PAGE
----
Taxpayers will cover the legal bills for Government Services Minister Linda Reynolds regarding her involvement in the federal police investigation into rape allegations at Parliament House.
Senior officials in the Attorney-General's Department confirmed in a Senate estimates hearing on Wednesday Ms Reynolds had been approved for Commonwealth legal assistance in relation to allegations made by former Liberal staff Brittany Higgins.
The minister had been the only one in government to apply for the department's legal help, the officials said.
Labor senator Murray Watt asked the department's assistant secretary Michael Johnson how much the legal advice had cost the public purse.
He said no invoices had yet been received by the department but a delay between application and invoice issuing was common.
Acting department secretary Iain Anderson cautioned it was standard procedure for ministers to apply for legal assistance but not necessarily use it.
"[Mr Johnson] said no invoice has been received [but] it's not necessarily the case that there will ever be," Mr Anderson said.
"The application itself doesn't mean that they will in fact and go and receive legal assistance."
Attorney-General Michaelia Cash said she had no need to apply for the government's legal assistance, despite Ms Higgins also being a former staffer of Ms Cash.
The committee also heard legal assistance had been provided to Ms Cash on three separate occasions for her involvement in the raids on the offices of the Australian Workers Union in 2017.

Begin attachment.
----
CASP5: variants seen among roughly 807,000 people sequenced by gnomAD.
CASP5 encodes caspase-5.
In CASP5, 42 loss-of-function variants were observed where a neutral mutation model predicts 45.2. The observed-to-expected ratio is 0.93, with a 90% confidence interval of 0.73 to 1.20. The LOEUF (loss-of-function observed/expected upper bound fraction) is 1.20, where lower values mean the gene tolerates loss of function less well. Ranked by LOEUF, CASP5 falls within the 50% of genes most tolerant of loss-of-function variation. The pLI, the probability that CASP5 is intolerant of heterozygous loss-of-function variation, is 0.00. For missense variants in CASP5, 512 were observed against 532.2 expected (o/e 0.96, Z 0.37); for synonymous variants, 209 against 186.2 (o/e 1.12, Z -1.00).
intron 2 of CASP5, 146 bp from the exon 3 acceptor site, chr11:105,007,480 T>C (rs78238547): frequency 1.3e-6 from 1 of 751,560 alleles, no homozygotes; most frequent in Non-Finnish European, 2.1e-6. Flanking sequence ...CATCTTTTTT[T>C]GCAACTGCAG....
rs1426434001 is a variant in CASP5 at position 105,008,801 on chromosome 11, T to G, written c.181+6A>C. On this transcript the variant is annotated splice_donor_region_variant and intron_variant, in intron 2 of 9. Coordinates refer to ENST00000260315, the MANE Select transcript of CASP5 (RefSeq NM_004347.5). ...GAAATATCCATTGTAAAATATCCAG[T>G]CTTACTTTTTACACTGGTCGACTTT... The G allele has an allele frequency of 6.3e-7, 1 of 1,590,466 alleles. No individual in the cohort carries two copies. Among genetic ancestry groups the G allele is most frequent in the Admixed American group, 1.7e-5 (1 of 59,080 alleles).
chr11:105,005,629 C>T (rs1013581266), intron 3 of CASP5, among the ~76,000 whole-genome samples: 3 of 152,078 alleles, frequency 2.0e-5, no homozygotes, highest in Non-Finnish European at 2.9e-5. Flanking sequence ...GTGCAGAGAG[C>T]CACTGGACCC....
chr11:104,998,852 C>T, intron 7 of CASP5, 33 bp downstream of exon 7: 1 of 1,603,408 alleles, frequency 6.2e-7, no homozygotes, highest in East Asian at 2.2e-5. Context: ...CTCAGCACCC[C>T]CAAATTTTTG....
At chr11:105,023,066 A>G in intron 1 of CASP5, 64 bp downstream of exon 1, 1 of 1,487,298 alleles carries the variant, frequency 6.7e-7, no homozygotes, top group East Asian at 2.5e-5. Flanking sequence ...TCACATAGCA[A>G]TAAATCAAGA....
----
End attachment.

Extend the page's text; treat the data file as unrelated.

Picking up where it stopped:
Mr Johnson confirmed the total cost had amounted to $435,000 during that time.
Greens senator Sarah Hanson-Young also confirmed with department figures Assistant Minister for Forestry Jonathon Duniam will also receive legal help following controversial comments he made against her in May.
Mr Duniam appeared on Sky News, accusing Senator Hanson-Young of being related to a child who appeared at a logging protest.
He later apologised for his comments, admitting they were "false and defamatory".
Senator Hanson-Young asked the department how much his legal assistance, and any damages awarded, was going to cost the taxpayer.
Mr Johnson said he had also not received invoices as yet for Mr Duniam's legal fees.
"No invoices have yet been received by the department in relation to this matter, which is not unusual," Mr Johnson said.
"There's often a time lag from the work being undertaken so the answer I have for you at the moment is $0, noting that's premature."
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